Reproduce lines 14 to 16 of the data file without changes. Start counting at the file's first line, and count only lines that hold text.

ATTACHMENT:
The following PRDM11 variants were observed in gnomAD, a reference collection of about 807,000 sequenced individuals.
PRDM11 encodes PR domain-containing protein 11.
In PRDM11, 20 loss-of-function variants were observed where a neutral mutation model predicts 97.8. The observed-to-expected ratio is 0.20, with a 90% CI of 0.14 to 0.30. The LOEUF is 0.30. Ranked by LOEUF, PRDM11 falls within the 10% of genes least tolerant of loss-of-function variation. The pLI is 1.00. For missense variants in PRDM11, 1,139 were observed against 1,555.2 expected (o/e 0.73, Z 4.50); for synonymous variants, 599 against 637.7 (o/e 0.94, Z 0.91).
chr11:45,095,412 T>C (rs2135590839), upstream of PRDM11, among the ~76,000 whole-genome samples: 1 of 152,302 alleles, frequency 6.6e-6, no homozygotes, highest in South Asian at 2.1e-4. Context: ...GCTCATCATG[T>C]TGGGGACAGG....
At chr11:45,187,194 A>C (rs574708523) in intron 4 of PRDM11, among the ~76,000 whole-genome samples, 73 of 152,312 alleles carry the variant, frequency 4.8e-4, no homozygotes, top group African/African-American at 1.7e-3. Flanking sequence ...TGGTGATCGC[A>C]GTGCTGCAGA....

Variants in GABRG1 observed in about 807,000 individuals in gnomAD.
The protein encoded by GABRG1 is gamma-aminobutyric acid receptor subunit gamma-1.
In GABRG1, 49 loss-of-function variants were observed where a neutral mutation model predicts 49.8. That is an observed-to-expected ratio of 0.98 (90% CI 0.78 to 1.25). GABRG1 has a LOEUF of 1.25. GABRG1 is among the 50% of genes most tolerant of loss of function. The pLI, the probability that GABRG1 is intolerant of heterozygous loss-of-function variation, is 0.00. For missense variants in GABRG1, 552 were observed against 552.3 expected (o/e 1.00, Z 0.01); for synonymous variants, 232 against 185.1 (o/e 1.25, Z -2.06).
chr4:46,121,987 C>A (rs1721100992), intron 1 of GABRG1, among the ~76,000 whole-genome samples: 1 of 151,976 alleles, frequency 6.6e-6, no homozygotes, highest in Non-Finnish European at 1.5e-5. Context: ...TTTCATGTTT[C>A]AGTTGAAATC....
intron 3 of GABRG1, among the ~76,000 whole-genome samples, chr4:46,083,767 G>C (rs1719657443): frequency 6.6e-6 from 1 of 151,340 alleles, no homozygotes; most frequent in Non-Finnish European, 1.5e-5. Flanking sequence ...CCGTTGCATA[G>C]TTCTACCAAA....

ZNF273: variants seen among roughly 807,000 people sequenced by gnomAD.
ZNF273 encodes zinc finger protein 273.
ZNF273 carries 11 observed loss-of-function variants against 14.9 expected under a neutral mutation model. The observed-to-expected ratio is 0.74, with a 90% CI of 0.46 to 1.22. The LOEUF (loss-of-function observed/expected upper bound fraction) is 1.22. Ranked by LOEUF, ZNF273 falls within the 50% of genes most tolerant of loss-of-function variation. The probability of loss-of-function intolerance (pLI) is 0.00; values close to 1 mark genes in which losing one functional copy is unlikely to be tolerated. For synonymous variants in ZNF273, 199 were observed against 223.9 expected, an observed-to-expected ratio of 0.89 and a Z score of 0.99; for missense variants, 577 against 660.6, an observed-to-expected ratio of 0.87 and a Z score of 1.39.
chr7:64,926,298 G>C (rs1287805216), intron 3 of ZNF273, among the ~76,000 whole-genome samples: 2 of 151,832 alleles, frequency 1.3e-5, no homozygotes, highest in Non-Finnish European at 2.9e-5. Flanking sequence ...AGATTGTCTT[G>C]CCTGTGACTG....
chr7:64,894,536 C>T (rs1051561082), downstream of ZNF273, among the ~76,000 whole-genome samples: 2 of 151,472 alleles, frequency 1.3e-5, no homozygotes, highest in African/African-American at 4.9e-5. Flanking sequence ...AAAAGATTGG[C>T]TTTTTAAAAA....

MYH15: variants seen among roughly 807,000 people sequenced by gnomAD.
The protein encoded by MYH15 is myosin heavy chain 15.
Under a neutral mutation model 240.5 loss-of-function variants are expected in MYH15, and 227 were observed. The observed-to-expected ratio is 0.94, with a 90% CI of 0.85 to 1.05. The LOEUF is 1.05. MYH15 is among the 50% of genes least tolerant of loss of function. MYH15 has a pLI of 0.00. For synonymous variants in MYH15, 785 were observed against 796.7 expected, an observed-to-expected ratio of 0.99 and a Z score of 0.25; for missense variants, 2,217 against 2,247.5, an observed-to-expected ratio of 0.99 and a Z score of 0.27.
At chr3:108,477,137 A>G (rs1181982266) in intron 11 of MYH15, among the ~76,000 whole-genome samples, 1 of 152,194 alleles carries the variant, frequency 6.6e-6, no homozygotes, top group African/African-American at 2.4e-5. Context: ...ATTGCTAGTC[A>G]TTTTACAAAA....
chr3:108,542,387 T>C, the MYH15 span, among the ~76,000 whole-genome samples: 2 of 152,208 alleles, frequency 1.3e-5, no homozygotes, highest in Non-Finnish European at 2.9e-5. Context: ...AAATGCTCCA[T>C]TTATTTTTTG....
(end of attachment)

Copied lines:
chr7:64,926,298 G>C (rs1287805216), intron 3 of ZNF273, among the ~76,000 whole-genome samples: 2 of 151,832 alleles, frequency 1.3e-5, no homozygotes, highest in Non-Finnish European at 2.9e-5. Flanking sequence ...AGATTGTCTT[G>C]CCTGTGACTG....
chr7:64,894,536 C>T (rs1051561082), downstream of ZNF273, among the ~76,000 whole-genome samples: 2 of 151,472 alleles, frequency 1.3e-5, no homozygotes, highest in African/African-American at 4.9e-5. Flanking sequence ...AAAAGATTGG[C>T]TTTTTAAAAA....

MYH15: variants seen among roughly 807,000 people sequenced by gnomAD.